]. For being able to compare the resulting images, the deconvolution method’s resulting moments were transformed to match the images as received by the FFT method (A/P/B) according to Eq. (2), Eq. (3) and Eq. (4).

For the calculation of the contrast-to-noise ratio (CNR) one region-of-interest (ROI) was defined in every of the three contrast regions, where the according constant signal was expected. In addition, a fourth ROI containing only air was used to determine the background signal of each image as the variance of the measured pixel values. The locations of the ROIs are shown as boxes in Fig. 3. The CNR was calculated as
CNR=|S¯imageS¯air|(σimage2+σair2)1/2,
(5)
while air denotes the mean signal in the background ROI of the image, image is the mean signal of the ROI containing the contrast generating object and σimage2 and σair2 are the inter-pixel variances in the image and background ROI, respectively.

Fig. 3 Resulting absorption (top), differential phase (middle) and dark field image (bottom) of the phantom. On the left hand side, the images were obtained with the FFT method, on the right hand side with the deconvolution method. The boxes show the used ROIs for the CNR calculations.

4. Results

Figure 3 shows the three images obtained with both methods at the same dose level (3.56mGy air kerma at the object position). Visually, no difference in the images produced by the different phase retrieval algorithms can be found. For all possible dose values constructable from the 1000 measured frames, the CNR values were calculated according to Eq. (5). Figures 4, 5 and 6 show the results, obtained by both phase retrieval methods for the three image quantities absorption A, differential phase P and darkfield image B. While for the absorption and the differential phase no significant difference in the CNR values can be seen over the entire dose range investigated, the darkfield signal obtained by the deconvolution method has an increased mean CNR by a factor 1.17 ± 0.061 over the whole dose range.

Fig. 4 Contrast-to-noise ratio of the absorption image A against the air kerma used for reconstruction. The crosses show the results obtained by the FFT method, the squares the results with the deconvolution method.
Fig. 5 Contrast-to-noise ratio of the differential phase image P against the air kerma used for reconstruction. The crosses show the results obtained by the FFT method, the squares the results with the deconvolution method.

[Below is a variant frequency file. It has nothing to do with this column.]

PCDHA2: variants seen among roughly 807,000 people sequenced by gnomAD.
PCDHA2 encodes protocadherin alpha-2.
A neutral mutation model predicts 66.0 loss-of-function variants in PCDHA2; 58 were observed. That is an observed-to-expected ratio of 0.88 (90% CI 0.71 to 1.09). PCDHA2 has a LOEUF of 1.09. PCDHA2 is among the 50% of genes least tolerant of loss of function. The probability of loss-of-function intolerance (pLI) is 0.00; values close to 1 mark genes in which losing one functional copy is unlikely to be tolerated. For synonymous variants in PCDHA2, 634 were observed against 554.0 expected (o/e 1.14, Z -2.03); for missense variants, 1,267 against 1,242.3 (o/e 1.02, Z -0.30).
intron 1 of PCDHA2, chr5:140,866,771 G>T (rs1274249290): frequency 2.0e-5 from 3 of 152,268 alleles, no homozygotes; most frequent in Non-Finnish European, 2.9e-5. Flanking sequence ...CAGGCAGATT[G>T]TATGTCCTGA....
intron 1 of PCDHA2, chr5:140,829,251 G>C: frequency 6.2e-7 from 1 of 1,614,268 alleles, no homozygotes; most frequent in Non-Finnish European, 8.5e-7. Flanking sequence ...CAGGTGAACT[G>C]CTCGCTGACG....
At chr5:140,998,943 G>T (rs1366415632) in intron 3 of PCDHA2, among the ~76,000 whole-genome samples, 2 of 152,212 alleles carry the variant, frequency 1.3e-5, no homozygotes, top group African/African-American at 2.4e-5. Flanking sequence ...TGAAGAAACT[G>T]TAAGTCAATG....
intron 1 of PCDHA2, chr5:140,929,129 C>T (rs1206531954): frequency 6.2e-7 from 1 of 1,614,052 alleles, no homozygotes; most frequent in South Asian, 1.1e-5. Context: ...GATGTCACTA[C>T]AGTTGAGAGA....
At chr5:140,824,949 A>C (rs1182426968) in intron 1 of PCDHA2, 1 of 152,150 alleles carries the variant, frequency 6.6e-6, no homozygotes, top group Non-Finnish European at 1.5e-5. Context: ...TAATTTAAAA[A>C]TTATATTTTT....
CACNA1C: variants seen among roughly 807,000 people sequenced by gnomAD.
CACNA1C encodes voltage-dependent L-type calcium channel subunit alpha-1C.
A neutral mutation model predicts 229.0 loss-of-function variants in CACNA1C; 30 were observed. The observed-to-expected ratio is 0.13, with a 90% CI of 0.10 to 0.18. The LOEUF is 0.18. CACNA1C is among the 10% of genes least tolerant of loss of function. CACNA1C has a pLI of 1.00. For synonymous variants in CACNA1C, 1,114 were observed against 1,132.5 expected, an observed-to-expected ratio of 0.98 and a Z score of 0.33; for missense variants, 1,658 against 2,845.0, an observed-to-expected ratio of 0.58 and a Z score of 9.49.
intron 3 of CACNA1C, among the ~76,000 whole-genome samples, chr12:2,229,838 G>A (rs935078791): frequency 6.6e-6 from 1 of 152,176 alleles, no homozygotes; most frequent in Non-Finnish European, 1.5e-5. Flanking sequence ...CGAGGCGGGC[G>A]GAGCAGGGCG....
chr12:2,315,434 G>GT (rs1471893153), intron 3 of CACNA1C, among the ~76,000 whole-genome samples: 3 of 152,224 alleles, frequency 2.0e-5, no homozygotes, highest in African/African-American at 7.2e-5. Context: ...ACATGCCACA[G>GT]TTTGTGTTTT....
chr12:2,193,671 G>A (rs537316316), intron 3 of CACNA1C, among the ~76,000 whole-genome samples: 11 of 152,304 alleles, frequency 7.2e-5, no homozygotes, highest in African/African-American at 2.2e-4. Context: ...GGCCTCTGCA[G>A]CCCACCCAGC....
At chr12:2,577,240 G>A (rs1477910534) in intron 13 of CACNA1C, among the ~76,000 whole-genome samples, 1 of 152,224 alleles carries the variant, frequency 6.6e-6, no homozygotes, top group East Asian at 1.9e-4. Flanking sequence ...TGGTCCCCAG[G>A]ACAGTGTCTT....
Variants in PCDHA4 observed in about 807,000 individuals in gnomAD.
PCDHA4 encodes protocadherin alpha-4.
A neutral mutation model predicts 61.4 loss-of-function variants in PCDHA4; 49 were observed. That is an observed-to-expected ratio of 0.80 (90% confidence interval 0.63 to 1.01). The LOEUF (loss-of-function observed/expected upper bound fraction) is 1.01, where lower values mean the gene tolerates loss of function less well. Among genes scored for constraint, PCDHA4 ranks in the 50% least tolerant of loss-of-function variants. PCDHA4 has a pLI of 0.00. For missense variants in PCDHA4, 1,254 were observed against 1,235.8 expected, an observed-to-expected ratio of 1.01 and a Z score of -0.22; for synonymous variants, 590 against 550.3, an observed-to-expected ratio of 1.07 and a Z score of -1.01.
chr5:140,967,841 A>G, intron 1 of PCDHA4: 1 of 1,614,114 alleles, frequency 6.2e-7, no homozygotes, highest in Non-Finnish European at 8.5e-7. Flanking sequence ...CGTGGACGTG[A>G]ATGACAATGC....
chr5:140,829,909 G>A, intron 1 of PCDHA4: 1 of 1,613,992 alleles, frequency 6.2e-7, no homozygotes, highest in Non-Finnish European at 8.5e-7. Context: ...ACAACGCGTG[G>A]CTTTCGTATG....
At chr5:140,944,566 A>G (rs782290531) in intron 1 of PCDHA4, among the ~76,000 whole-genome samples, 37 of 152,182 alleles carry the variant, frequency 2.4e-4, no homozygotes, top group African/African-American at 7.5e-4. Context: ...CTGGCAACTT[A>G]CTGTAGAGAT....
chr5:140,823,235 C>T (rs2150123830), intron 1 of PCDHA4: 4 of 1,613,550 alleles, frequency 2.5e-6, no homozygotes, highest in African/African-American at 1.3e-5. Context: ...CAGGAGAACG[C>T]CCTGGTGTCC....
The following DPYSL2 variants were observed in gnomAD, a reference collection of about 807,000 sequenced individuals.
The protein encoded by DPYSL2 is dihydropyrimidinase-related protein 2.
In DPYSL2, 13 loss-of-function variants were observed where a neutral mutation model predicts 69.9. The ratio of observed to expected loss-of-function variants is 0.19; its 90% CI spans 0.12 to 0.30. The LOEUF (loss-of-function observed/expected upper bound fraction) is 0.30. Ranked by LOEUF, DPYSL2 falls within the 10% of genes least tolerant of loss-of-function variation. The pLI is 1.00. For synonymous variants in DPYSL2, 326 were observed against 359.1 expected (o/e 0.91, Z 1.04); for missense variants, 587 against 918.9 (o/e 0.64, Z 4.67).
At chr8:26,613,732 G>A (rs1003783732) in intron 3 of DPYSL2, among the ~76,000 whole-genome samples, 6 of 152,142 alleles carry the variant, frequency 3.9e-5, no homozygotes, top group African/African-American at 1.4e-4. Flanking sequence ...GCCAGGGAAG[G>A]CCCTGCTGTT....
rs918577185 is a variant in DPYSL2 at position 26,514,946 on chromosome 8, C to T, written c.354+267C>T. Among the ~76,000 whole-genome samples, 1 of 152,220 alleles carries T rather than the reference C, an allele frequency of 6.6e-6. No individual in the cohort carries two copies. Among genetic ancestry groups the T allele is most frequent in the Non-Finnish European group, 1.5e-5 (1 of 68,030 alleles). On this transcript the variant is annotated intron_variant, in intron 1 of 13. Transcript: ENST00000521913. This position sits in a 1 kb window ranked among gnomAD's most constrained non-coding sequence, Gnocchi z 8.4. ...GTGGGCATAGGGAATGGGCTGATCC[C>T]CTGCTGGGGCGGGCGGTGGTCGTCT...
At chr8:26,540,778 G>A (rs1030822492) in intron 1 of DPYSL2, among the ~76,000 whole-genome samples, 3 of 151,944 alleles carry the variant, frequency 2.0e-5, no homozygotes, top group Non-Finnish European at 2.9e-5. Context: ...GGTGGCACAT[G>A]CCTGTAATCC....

Fig. 6 Contrast-to-noise ratio of the darkfield image B against the air kerma used for reconstruction. The crosses show the results obtained by the FFT method, the squares the results with the deconvolution method.

To investigate the origin of the increased CNR values for the deconvolution method, the signal differences |imageair| and the total image noises (σimage2+σair2)1/2 were calculated for selected dose values. The results are listed in Tab. 1 and Tab. 2 for both information retrieval algorithms side-by-side. Comparing the signal differences, no difference between the reconstruction methods can be found for the absorption and the differential phase image. The dark-field value is approximately 10% smaller for the deconvolution method. For the noise values, a similar behaviour can be observed. In the absorption and the differential phase image the image noise does not vary strongly between the different information retrieval algorithms, while the noise in the darkfield image is reduced by a factor of approximately 1.3. The expected increase in CNR can be calculated as the product of these two factors to 0.9 × 1.3 = 1.17, which is in agreement to the experimentally found mean CNR increase above.

Table 1. Measured signal differences |imageair| for the two information retrieval methods at three different dose values.

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Table 2. Measured image noise values (σimage2+σair2)1/2 for the two information retrieval methods at three different dose values.

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An even closer look at the two parts of the image noise – σimage and σair – of the darkfield image reveals that the main decrease of the total image noise is due to the reduction in the background noise value. The measured absolute values are tabulated in Tab. 3. While the noise σimage stays almost constant comparing the two information retrieval methods, the background noise σair is reduced by a factor in the order of 2.5–3.5, increasing with increasing dose.

5. Discussion

We demonstrated for the first time, that deconvolution information retrieval methods are also applicable on data obtained with a medical X-ray tube and therefore with a polychromatic spectrum. The results show, that the novel method results in equivalent signal differences and noise values for the absorption and the differential phase image, but produces a less noisy darkfield image at almost comparable signal differences. This results in an increased mean CNR by a factor of 1.17 compared to the FFT method usually used in grating-based X-ray phase-contrast imaging. To obtain this CNR increase with the FFT method a higher dose would be necessary. The increase in dose, which would be needed can be calculated to 1.172 = 1.37.

In fact, the dose saving found experimentally by comparing similar CNR values is even larger. Using the values for 3.0mGy (CNR = 12.3) for the FFT method and 1.8mGy (CNR = 12.1) for the deconvolution method, a dose ratio of
3.0mGy/1.8mGy=1.66
(6)
is found.

The main difference causing the better CNR of the deconvolution method is the superior inter-pixel variances in the background ROI (see Tab. 3). This is caused by the fundamentally different signal formation process. While with the FFT method the codomain of the dark field image B is limited to 0+, with the deconvolution method only values in the range of [0;4π2/12] – assuming a unimodal scattering distribution g(ϕ) – can be obtained for the second moment M2. Translated to the corresponding deconvolution darkfield, the codomain of [0.193;1] is found.